We need to get the message across that it makes good business sense to incorporate ESG.  This approach is better for getting your money to grow in the long-term than chasing short-term, speculative returns.  The funds I am involved in are not ethical funds, but they still care about investing ethically because it’s best for the fund.  There are still, unfortunately, a lot of people out there who thing that ESG is just for tree-huggers

Q. What kinds of mechanisms should schemes (trust-based and IGCs) put in place to open channels of communication with members, apart from AGMs?

Schemes should have good websites and newsletters, where they profile trustees.  I have seen organisations who do a ‘trustee of the month’ feature, for example, which works well.  Large organisations can also post things on notice boards in communal areas.

Q. What have been your proudest achievements during your time doing these roles in pension governance?

My proudest achievement is getting a proper reaction from the fund management industry to the Rana Plaza disaster and other factory fires in Bangladesh. A lot of fund managers initially didn’t get why this was important and we had some very "difficult" meetings.  We did succeed in convincing fund managers to take appropriate action to try and ensure that this type of thing does not happen again.  This was particularly important in my pension fund as a lot of scheme members are of Bangladeshi origin.

The TUC, AMNT and UNISON stewardship networks have been very useful for achieving these sorts of aims and I  has seen how actions these schemes have taken have filtered through to the wider industry.

Q. Any final comments?
Schemes need to recognise that it’s just not good for them to shut out the members.  They should welcome MNTs as these people help schemes to realise their own weaknesses.  The industry should know this.  There is no ‘invisible hand’ regulating the market. We try and keep schemes honest and successful. Nothing more and nothing less.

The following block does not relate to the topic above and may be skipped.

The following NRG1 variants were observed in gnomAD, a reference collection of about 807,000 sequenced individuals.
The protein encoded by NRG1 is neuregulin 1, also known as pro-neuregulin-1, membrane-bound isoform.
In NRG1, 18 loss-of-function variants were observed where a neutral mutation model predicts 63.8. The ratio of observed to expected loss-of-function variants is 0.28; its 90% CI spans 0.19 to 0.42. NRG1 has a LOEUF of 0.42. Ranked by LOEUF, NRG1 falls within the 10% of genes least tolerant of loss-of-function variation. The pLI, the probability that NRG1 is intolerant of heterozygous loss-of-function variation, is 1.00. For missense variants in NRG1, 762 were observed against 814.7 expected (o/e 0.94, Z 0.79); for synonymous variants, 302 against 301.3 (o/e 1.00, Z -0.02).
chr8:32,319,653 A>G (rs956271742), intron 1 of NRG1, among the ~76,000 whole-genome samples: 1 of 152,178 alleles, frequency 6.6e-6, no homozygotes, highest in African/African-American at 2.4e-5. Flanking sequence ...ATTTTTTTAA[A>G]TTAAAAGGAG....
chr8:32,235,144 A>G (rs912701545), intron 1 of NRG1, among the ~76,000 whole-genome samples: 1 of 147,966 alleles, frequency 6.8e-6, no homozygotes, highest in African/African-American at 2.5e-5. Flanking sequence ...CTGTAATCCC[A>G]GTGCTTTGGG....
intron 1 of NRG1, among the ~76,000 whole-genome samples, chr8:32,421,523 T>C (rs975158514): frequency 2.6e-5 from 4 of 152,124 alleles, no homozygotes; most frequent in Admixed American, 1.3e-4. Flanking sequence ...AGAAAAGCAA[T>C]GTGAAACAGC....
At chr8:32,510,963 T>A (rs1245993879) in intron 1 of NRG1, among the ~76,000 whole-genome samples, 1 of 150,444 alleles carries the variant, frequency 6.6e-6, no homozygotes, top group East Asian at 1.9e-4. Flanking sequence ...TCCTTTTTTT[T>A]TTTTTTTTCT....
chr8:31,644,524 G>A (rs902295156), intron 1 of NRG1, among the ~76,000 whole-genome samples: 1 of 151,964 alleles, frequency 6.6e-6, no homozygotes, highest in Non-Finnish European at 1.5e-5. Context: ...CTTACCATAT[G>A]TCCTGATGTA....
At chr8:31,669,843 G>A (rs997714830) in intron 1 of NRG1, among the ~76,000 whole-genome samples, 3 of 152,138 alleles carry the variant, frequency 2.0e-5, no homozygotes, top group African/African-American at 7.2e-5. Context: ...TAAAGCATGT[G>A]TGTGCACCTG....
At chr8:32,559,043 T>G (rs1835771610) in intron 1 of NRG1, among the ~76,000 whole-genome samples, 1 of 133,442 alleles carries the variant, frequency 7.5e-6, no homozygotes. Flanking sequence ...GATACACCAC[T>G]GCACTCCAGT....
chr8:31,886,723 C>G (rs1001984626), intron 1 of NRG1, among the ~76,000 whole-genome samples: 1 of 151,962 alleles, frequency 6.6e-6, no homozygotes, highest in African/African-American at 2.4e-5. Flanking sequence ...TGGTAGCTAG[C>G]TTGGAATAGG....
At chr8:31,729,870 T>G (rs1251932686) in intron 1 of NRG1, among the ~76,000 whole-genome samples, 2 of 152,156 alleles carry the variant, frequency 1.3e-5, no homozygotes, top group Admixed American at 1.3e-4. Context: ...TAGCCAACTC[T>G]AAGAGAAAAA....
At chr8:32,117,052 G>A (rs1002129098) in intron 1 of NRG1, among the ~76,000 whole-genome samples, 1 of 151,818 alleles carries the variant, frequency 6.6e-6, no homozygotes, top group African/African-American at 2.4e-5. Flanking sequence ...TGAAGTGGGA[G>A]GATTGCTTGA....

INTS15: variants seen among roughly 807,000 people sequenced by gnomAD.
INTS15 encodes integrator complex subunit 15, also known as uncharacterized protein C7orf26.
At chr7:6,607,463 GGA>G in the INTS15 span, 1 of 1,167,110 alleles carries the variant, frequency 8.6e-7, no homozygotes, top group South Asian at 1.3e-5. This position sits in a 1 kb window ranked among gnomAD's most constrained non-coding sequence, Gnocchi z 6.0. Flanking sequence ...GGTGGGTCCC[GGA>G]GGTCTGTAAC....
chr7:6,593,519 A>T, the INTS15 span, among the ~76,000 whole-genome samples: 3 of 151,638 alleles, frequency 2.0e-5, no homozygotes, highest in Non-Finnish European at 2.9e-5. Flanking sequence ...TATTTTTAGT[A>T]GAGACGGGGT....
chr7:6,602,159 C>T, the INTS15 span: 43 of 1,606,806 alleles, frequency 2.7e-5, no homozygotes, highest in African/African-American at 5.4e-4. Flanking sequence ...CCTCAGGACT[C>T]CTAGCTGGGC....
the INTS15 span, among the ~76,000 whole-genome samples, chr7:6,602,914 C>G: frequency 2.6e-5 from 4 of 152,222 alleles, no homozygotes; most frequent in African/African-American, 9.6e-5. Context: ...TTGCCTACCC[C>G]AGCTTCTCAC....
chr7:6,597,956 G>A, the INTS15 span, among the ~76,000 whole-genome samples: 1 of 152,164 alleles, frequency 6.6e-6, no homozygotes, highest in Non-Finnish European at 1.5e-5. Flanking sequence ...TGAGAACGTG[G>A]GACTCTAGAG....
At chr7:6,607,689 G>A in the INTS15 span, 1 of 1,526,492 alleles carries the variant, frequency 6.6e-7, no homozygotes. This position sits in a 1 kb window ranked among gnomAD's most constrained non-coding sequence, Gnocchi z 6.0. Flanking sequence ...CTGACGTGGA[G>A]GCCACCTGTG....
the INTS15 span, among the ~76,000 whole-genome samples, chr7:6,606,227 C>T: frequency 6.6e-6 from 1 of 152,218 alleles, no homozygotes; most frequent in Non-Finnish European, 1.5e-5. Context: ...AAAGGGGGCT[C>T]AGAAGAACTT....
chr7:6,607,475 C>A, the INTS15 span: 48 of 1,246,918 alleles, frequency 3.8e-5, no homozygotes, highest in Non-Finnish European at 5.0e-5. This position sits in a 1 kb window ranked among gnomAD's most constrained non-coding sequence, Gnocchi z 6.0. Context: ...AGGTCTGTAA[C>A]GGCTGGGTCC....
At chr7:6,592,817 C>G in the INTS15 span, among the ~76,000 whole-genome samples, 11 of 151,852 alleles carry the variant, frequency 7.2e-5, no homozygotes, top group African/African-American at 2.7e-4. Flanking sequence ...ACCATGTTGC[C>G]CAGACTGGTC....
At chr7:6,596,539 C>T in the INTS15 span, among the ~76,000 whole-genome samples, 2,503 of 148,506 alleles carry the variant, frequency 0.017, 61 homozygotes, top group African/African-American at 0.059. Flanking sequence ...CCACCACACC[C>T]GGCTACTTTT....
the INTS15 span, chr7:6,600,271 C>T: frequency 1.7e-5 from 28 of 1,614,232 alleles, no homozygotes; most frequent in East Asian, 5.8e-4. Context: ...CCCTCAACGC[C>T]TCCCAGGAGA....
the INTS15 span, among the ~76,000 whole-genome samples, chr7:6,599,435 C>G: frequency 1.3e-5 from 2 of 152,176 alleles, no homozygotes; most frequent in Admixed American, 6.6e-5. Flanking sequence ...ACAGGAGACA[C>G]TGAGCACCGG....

(I suspect that many will not know who is the person in the picture - it is mega pension thief Robert Maxwell)

Monday, October 13, 2014

NHS Strike - 5 Days for fair pay

This morning UNISON and other union health workers will be out on strike in England.

For the first time in their history midwifes will also be on strike. The last such dispute on pay was over 30 years ago. Urgent and emergency care will still be provided.

The government is refusing to implement the independent pay review body award of 1% while at the same time increasing the pay of MP's by 11%. It will not talk to the trade unions.

Pay for the last 5 years has been below inflation so this means in real terms a massive pay cut for NHS staff.  The lowest paid such as Band 1 hospital porters have lost £1,387 and this year another £347.

Over the weekend we heard that 20% of NHS staff have to work a second job in order to survive and 13% depend on payday loans.

By coincidence on BBC news today they reported that the directors of the top FT100 companies now earn 120 times average earnings.  This is £2.3 million each per year. In 2000 they use to receive only 47 times the average. I note that they used the figure of average earnings as £27,000 per year. 25% of NHS staff earn less than £21,000.

It is growing pay inequality in this country that is driving not only poverty and food banks but disillusionment, distrust and fear in modern British politics.